If you are seeking to employ overseas nationals to work for you
in Australia, it is imperative to check their visa work rights as
this can save you thousands.
Under the Migration Amendment (reform of Employer
Sanction) Bill 2012, it is now much easier for the
Government to prosecute non-compliant companies. Employers are
defined as either 'knowing' or 'should have known'
about their employees' work rights.
Under the new Act, employers accused of breaches must prove that
they have taken reasonable steps to check the visa conditions of
people found to be working illegally within their business. There
are statutory defences available to individuals and businesses that
make genuine attempts to verify the status of an overseas national,
through means such as checking the Federal Government Visa
Entitlement Verification Online (VEVO) electronic system.
The penalties for businesses, which employ workers who do not
have work rights in Australia, can include infringements notices
and civil penalty orders up to $49,500. Individuals may also be
subject to civil penalties or criminal sanctions, including a term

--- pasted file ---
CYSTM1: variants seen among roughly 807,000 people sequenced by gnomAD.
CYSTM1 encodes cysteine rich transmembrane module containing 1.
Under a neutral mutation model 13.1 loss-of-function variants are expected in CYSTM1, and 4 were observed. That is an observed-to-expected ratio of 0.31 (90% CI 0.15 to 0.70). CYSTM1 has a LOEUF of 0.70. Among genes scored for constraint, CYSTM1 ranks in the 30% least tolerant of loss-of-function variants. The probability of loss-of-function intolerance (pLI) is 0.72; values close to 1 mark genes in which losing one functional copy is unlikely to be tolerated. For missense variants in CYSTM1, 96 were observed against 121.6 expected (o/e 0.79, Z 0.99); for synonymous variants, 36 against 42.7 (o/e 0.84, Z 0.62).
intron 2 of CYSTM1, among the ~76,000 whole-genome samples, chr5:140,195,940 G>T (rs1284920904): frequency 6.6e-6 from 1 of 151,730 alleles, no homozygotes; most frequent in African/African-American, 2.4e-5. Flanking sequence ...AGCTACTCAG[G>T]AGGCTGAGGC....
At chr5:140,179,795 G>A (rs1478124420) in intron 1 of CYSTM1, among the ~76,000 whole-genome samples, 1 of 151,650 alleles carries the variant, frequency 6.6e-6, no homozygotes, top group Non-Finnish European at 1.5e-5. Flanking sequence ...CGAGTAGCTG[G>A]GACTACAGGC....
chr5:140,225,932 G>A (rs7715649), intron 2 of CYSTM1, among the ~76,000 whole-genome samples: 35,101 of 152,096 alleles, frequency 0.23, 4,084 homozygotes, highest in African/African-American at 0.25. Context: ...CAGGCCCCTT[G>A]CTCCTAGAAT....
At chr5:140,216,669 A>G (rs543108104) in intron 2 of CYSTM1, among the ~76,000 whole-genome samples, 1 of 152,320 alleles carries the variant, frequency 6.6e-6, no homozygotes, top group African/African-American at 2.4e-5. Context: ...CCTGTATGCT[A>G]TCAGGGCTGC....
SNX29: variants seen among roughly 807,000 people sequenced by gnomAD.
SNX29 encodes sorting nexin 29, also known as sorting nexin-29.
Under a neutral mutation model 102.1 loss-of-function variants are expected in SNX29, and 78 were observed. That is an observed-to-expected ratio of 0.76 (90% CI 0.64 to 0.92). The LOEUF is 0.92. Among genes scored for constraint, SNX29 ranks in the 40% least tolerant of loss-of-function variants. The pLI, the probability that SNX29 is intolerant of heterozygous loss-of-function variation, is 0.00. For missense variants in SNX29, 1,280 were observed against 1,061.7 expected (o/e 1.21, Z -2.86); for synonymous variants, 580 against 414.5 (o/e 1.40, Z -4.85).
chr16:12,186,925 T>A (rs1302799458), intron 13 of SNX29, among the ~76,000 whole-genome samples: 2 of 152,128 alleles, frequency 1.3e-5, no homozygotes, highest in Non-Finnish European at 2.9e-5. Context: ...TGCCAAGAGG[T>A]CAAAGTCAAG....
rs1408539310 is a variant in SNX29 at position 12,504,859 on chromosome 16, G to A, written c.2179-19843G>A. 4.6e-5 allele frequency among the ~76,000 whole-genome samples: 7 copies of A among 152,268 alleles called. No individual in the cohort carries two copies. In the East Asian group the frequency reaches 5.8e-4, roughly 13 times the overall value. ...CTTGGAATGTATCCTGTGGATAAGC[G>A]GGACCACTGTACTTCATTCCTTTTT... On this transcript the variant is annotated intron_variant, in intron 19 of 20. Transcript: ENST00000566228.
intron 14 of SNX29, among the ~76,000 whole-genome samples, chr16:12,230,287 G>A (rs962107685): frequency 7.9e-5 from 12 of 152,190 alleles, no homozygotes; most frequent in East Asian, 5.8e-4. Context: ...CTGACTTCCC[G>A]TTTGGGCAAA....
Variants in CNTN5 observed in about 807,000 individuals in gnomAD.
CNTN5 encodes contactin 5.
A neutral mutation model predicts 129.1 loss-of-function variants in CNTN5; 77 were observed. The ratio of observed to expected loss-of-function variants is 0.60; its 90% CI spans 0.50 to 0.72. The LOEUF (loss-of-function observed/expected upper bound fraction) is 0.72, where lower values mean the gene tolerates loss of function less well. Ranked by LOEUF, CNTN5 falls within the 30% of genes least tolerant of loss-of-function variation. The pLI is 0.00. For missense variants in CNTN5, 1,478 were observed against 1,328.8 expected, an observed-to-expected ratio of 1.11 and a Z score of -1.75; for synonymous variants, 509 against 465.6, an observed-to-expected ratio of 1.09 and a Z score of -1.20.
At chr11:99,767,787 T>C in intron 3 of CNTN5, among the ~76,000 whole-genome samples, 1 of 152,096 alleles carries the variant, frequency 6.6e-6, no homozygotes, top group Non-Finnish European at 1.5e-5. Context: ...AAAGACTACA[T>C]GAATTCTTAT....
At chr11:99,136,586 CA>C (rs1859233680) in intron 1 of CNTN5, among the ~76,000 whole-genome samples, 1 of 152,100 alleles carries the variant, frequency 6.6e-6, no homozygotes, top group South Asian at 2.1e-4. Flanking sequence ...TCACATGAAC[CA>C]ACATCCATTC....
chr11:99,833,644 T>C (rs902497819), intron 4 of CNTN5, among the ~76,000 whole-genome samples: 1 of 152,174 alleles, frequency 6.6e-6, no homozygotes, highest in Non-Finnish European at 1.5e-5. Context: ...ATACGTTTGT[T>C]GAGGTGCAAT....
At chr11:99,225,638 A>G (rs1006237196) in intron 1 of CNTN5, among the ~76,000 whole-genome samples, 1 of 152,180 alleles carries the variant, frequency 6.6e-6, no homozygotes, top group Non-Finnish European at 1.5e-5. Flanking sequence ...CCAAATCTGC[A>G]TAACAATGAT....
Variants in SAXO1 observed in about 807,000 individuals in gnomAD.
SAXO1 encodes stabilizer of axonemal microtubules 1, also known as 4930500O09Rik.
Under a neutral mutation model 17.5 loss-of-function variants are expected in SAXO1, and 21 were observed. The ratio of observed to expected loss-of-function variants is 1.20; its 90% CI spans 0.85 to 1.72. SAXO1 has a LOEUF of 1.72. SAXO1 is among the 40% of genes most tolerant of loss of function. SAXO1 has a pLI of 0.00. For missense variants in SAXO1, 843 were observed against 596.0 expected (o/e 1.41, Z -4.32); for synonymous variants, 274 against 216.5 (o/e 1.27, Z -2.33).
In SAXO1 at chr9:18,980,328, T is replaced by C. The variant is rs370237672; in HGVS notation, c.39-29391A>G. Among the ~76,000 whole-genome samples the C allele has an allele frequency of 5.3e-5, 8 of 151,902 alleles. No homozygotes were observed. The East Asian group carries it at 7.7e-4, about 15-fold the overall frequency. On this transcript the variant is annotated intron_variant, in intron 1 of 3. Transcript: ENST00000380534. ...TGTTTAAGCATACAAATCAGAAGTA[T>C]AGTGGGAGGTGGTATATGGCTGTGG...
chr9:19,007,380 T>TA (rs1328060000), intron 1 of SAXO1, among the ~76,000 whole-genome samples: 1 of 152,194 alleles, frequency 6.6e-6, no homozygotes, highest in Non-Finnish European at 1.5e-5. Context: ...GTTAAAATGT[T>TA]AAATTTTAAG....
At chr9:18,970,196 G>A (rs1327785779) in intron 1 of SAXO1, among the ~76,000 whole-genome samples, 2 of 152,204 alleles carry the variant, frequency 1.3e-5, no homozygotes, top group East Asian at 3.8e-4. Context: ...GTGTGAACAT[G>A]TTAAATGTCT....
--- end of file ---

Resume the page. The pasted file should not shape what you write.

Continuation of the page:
The House of Representatives passed the bill in November last
year and it is expected to take effect, following debate in the
Senate, in March 2013.
Keep a record of when your employee's visa expires and the
conditions associated with visa. There are a variety of conditions
attached to temporary visas, which not only include restricting the
type of work that can be undertaken, but also the amount of work
the visa holder may undertake during a period of time.
Don't just rely on what you are told; do checks, cite and
keep a copy of original documentation.
Avoid discrimination claims by being consistent in your
approach to checking work rights. Don't single out a particular
applicant for checking based on their cultural appearance.
Treat everyone equally by checking the work entitlements of all
The content of this article is intended to provide a general
guide to the subject matter. Specialist advice should be sought
about your specific circumstances.
To print this article, all you need is to be registered on Mondaq.com.
Click to Login as an existing user or Register so you can print this article.
Long experience representing many of Australia's leading employers has taught us that in employment litigation the identity of an employee's representative is a major factor in how employee litigation runs.
Australian employees receive certain entitlements (such as annual leave and superannuation) where contractors do not.
Some comments from our readers… “The articles are extremely timely and highly applicable” “I often find critical information not available elsewhere” “As in-house counsel, Mondaq’s service is of great value”
Register for Access and our Free Biweekly Alert for
This service is completely free. Access 250,000 archived articles from 100+ countries and get a personalised email twice a week covering developments (and yes, our lawyers like to think you’ve read our Disclaimer).